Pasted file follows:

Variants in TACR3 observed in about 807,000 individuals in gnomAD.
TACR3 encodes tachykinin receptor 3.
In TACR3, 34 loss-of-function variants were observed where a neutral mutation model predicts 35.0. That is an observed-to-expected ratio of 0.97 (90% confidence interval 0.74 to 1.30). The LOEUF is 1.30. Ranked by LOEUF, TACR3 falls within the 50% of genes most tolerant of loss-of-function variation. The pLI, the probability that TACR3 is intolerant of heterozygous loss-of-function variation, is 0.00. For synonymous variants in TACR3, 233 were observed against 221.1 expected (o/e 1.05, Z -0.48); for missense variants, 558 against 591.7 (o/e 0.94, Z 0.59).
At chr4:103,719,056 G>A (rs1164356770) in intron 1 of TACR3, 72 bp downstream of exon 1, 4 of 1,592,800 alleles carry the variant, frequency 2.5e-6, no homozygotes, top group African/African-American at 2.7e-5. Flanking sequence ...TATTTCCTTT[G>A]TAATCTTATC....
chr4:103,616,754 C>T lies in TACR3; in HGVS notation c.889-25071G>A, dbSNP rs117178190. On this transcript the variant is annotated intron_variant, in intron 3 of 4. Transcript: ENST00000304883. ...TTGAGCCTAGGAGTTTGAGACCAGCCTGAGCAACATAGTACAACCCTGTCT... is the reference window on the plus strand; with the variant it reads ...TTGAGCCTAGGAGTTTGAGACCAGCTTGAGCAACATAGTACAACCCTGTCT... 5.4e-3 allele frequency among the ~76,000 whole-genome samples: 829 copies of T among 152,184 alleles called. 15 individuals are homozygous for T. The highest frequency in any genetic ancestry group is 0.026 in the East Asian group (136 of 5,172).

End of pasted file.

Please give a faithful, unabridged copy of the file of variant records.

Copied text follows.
Variants in TACR3 observed in about 807,000 individuals in gnomAD.
TACR3 encodes tachykinin receptor 3.
In TACR3, 34 loss-of-function variants were observed where a neutral mutation model predicts 35.0. That is an observed-to-expected ratio of 0.97 (90% confidence interval 0.74 to 1.30). The LOEUF is 1.30. Ranked by LOEUF, TACR3 falls within the 50% of genes most tolerant of loss-of-function variation. The pLI, the probability that TACR3 is intolerant of heterozygous loss-of-function variation, is 0.00. For synonymous variants in TACR3, 233 were observed against 221.1 expected (o/e 1.05, Z -0.48); for missense variants, 558 against 591.7 (o/e 0.94, Z 0.59).
At chr4:103,719,056 G>A (rs1164356770) in intron 1 of TACR3, 72 bp downstream of exon 1, 4 of 1,592,800 alleles carry the variant, frequency 2.5e-6, no homozygotes, top group African/African-American at 2.7e-5. Flanking sequence ...TATTTCCTTT[G>A]TAATCTTATC....
chr4:103,616,754 C>T lies in TACR3; in HGVS notation c.889-25071G>A, dbSNP rs117178190. On this transcript the variant is annotated intron_variant, in intron 3 of 4. Transcript: ENST00000304883. ...TTGAGCCTAGGAGTTTGAGACCAGCCTGAGCAACATAGTACAACCCTGTCT... is the reference window on the plus strand; with the variant it reads ...TTGAGCCTAGGAGTTTGAGACCAGCTTGAGCAACATAGTACAACCCTGTCT... 5.4e-3 allele frequency among the ~76,000 whole-genome samples: 829 copies of T among 152,184 alleles called. 15 individuals are homozygous for T. The highest frequency in any genetic ancestry group is 0.026 in the East Asian group (136 of 5,172).